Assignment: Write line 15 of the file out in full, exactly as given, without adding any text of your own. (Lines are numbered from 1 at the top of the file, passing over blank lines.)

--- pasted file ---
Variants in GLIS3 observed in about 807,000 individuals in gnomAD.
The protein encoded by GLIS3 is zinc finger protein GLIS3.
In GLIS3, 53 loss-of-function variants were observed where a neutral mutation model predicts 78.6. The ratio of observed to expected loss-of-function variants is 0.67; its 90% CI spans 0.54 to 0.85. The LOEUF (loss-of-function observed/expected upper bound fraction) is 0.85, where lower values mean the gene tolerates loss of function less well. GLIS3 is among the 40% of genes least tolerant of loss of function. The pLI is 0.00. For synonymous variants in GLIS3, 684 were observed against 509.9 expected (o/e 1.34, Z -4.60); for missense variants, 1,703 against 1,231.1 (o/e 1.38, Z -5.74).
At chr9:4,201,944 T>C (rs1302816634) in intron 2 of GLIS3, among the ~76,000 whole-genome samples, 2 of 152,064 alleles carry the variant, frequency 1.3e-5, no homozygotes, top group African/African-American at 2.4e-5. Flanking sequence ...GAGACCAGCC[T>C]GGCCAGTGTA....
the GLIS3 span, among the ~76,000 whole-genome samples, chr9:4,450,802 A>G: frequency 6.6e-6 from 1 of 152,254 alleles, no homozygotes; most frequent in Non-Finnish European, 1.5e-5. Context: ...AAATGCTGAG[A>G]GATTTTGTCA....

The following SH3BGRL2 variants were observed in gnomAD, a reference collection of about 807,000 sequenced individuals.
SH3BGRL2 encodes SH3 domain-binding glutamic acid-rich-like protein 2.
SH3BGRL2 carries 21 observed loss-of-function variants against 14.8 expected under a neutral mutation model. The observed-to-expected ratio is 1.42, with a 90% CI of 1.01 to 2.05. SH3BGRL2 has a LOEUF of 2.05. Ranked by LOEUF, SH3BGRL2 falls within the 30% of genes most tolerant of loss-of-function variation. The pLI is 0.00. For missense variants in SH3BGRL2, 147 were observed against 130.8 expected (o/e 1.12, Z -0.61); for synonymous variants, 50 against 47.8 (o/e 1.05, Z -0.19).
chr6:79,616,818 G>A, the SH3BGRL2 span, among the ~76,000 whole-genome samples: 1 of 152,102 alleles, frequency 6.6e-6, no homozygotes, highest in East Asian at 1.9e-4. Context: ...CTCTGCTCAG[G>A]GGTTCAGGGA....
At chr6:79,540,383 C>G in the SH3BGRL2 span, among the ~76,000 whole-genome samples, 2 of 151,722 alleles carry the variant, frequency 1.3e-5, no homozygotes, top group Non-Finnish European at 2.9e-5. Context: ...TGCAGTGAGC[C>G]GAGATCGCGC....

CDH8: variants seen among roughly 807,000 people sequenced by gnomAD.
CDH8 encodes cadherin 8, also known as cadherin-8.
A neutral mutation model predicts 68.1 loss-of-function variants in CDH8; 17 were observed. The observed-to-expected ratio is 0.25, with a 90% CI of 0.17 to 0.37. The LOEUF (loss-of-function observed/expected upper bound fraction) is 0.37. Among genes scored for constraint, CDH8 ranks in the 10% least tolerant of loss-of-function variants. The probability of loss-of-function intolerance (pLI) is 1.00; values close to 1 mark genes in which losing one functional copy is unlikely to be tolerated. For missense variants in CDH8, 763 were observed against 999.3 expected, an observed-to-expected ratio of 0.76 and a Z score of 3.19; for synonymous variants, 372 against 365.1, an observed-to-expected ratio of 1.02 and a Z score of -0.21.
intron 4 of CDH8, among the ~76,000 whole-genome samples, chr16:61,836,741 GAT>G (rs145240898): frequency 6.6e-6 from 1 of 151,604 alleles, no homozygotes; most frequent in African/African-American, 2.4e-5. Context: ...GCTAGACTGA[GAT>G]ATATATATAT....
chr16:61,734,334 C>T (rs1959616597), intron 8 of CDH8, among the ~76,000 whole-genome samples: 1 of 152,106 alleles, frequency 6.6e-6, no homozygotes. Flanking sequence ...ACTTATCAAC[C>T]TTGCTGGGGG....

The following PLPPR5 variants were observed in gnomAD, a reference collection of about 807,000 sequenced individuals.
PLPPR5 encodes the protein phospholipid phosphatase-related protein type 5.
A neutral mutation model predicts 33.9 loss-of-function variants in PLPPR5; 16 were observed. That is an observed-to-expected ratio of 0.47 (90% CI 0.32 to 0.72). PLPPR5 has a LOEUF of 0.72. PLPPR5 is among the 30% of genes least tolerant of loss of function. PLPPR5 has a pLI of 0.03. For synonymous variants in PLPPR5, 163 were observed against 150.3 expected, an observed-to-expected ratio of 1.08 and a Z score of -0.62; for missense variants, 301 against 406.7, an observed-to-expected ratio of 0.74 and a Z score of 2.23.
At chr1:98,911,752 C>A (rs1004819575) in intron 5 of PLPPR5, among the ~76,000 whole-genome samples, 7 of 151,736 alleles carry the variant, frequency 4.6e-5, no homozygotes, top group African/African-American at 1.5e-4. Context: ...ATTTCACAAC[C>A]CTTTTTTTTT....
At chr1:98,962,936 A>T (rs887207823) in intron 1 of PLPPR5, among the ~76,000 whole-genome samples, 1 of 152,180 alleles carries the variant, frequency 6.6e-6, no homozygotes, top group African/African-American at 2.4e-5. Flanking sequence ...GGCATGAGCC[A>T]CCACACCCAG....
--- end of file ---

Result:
chr16:61,734,334 C>T (rs1959616597), intron 8 of CDH8, among the ~76,000 whole-genome samples: 1 of 152,106 alleles, frequency 6.6e-6, no homozygotes. Flanking sequence ...ACTTATCAAC[C>T]TTGCTGGGGG....